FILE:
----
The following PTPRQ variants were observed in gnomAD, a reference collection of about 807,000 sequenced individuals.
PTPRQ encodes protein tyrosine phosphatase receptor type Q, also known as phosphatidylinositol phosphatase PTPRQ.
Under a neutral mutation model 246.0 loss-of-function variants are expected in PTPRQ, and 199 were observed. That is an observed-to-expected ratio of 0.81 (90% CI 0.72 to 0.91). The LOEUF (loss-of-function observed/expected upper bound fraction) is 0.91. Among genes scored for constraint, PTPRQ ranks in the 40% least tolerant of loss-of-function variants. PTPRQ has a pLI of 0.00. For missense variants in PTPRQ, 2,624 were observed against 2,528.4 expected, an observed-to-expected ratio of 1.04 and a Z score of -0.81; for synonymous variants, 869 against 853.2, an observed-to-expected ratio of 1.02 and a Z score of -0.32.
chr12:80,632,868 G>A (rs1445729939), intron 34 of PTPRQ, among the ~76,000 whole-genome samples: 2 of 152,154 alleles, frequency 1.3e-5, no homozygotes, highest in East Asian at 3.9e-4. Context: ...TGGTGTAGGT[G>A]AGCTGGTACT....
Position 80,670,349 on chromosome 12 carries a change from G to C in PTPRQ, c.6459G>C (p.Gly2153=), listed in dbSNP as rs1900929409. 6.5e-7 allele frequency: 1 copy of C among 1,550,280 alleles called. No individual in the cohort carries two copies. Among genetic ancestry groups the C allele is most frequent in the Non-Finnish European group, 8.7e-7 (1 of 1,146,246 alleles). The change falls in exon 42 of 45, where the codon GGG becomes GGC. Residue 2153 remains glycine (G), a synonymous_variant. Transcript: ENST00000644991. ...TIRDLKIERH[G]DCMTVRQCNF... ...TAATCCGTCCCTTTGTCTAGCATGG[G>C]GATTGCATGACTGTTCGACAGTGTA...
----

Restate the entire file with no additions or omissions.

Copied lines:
The following PTPRQ variants were observed in gnomAD, a reference collection of about 807,000 sequenced individuals.
PTPRQ encodes protein tyrosine phosphatase receptor type Q, also known as phosphatidylinositol phosphatase PTPRQ.
Under a neutral mutation model 246.0 loss-of-function variants are expected in PTPRQ, and 199 were observed. That is an observed-to-expected ratio of 0.81 (90% CI 0.72 to 0.91). The LOEUF (loss-of-function observed/expected upper bound fraction) is 0.91. Among genes scored for constraint, PTPRQ ranks in the 40% least tolerant of loss-of-function variants. PTPRQ has a pLI of 0.00. For missense variants in PTPRQ, 2,624 were observed against 2,528.4 expected, an observed-to-expected ratio of 1.04 and a Z score of -0.81; for synonymous variants, 869 against 853.2, an observed-to-expected ratio of 1.02 and a Z score of -0.32.
chr12:80,632,868 G>A (rs1445729939), intron 34 of PTPRQ, among the ~76,000 whole-genome samples: 2 of 152,154 alleles, frequency 1.3e-5, no homozygotes, highest in East Asian at 3.9e-4. Context: ...TGGTGTAGGT[G>A]AGCTGGTACT....
Position 80,670,349 on chromosome 12 carries a change from G to C in PTPRQ, c.6459G>C (p.Gly2153=), listed in dbSNP as rs1900929409. 6.5e-7 allele frequency: 1 copy of C among 1,550,280 alleles called. No individual in the cohort carries two copies. Among genetic ancestry groups the C allele is most frequent in the Non-Finnish European group, 8.7e-7 (1 of 1,146,246 alleles). The change falls in exon 42 of 45, where the codon GGG becomes GGC. Residue 2153 remains glycine (G), a synonymous_variant. Transcript: ENST00000644991. ...TIRDLKIERH[G]DCMTVRQCNF... ...TAATCCGTCCCTTTGTCTAGCATGG[G>C]GATTGCATGACTGTTCGACAGTGTA...